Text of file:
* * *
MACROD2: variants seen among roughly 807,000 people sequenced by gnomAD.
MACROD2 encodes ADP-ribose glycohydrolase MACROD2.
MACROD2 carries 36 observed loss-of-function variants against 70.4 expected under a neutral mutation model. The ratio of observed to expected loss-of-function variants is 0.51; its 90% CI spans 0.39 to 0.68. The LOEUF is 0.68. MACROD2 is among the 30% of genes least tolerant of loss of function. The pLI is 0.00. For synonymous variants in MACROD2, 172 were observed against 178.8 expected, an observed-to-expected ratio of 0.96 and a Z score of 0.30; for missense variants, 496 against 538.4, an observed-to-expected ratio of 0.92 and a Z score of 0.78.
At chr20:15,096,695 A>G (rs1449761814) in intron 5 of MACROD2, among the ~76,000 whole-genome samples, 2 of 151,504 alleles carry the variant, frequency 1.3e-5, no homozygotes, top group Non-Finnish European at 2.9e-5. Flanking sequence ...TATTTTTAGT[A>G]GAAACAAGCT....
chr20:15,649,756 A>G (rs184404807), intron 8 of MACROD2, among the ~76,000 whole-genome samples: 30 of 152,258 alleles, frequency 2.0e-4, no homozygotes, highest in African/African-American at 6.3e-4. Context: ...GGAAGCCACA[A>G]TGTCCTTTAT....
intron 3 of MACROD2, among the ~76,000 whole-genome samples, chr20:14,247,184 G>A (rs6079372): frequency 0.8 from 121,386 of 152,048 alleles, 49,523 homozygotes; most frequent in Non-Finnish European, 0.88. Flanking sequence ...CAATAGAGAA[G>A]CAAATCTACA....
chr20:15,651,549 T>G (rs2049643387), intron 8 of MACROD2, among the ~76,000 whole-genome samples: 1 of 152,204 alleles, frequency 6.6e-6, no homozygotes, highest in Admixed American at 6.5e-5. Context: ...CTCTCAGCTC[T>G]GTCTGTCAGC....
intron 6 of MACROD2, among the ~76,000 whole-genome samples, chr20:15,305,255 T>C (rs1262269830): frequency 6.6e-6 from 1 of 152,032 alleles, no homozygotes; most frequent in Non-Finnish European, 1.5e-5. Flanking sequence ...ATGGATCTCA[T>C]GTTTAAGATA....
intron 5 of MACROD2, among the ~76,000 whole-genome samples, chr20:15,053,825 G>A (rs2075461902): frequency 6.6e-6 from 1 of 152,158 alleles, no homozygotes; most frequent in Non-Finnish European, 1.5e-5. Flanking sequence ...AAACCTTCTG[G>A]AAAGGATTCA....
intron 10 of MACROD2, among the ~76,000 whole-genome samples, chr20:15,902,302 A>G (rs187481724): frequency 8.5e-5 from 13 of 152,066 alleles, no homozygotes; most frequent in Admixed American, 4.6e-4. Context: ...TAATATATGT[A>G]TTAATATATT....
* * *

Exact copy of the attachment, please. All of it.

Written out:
MACROD2: variants seen among roughly 807,000 people sequenced by gnomAD.
MACROD2 encodes ADP-ribose glycohydrolase MACROD2.
MACROD2 carries 36 observed loss-of-function variants against 70.4 expected under a neutral mutation model. The ratio of observed to expected loss-of-function variants is 0.51; its 90% CI spans 0.39 to 0.68. The LOEUF is 0.68. MACROD2 is among the 30% of genes least tolerant of loss of function. The pLI is 0.00. For synonymous variants in MACROD2, 172 were observed against 178.8 expected, an observed-to-expected ratio of 0.96 and a Z score of 0.30; for missense variants, 496 against 538.4, an observed-to-expected ratio of 0.92 and a Z score of 0.78.
At chr20:15,096,695 A>G (rs1449761814) in intron 5 of MACROD2, among the ~76,000 whole-genome samples, 2 of 151,504 alleles carry the variant, frequency 1.3e-5, no homozygotes, top group Non-Finnish European at 2.9e-5. Flanking sequence ...TATTTTTAGT[A>G]GAAACAAGCT....
chr20:15,649,756 A>G (rs184404807), intron 8 of MACROD2, among the ~76,000 whole-genome samples: 30 of 152,258 alleles, frequency 2.0e-4, no homozygotes, highest in African/African-American at 6.3e-4. Context: ...GGAAGCCACA[A>G]TGTCCTTTAT....
intron 3 of MACROD2, among the ~76,000 whole-genome samples, chr20:14,247,184 G>A (rs6079372): frequency 0.8 from 121,386 of 152,048 alleles, 49,523 homozygotes; most frequent in Non-Finnish European, 0.88. Flanking sequence ...CAATAGAGAA[G>A]CAAATCTACA....
chr20:15,651,549 T>G (rs2049643387), intron 8 of MACROD2, among the ~76,000 whole-genome samples: 1 of 152,204 alleles, frequency 6.6e-6, no homozygotes, highest in Admixed American at 6.5e-5. Context: ...CTCTCAGCTC[T>G]GTCTGTCAGC....
intron 6 of MACROD2, among the ~76,000 whole-genome samples, chr20:15,305,255 T>C (rs1262269830): frequency 6.6e-6 from 1 of 152,032 alleles, no homozygotes; most frequent in Non-Finnish European, 1.5e-5. Flanking sequence ...ATGGATCTCA[T>C]GTTTAAGATA....
intron 5 of MACROD2, among the ~76,000 whole-genome samples, chr20:15,053,825 G>A (rs2075461902): frequency 6.6e-6 from 1 of 152,158 alleles, no homozygotes; most frequent in Non-Finnish European, 1.5e-5. Flanking sequence ...AAACCTTCTG[G>A]AAAGGATTCA....
intron 10 of MACROD2, among the ~76,000 whole-genome samples, chr20:15,902,302 A>G (rs187481724): frequency 8.5e-5 from 13 of 152,066 alleles, no homozygotes; most frequent in Admixed American, 4.6e-4. Context: ...TAATATATGT[A>G]TTAATATATT....